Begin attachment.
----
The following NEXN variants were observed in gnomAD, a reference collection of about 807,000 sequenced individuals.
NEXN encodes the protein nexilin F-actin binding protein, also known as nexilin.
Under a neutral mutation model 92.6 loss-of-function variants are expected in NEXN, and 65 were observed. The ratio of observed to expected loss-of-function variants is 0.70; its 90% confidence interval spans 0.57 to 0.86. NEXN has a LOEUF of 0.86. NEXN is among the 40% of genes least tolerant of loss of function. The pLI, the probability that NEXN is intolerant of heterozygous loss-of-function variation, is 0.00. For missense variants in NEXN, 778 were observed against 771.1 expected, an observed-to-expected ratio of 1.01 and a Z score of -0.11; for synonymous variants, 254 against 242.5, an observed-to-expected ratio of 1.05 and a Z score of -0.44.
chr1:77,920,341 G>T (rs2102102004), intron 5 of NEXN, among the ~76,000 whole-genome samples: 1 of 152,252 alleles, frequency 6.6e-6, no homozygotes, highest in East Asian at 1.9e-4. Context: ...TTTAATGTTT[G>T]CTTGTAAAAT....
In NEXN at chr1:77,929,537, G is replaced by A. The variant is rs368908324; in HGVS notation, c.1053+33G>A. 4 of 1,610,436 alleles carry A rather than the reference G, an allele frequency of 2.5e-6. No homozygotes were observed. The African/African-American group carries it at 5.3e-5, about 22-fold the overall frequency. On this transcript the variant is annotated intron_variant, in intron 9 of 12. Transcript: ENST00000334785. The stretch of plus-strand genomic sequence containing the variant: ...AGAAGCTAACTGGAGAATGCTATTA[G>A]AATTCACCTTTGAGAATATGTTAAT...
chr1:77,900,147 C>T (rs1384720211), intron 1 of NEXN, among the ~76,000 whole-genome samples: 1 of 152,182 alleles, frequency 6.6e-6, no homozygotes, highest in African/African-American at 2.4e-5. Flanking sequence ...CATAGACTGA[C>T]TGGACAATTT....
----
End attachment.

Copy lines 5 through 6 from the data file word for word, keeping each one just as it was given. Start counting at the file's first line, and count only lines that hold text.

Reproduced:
In NEXN at chr1:77,929,537, G is replaced by A. The variant is rs368908324; in HGVS notation, c.1053+33G>A. 4 of 1,610,436 alleles carry A rather than the reference G, an allele frequency of 2.5e-6. No homozygotes were observed. The African/African-American group carries it at 5.3e-5, about 22-fold the overall frequency. On this transcript the variant is annotated intron_variant, in intron 9 of 12. Transcript: ENST00000334785. The stretch of plus-strand genomic sequence containing the variant: ...AGAAGCTAACTGGAGAATGCTATTA[G>A]AATTCACCTTTGAGAATATGTTAAT...
chr1:77,900,147 C>T (rs1384720211), intron 1 of NEXN, among the ~76,000 whole-genome samples: 1 of 152,182 alleles, frequency 6.6e-6, no homozygotes, highest in African/African-American at 2.4e-5. Flanking sequence ...CATAGACTGA[C>T]TGGACAATTT....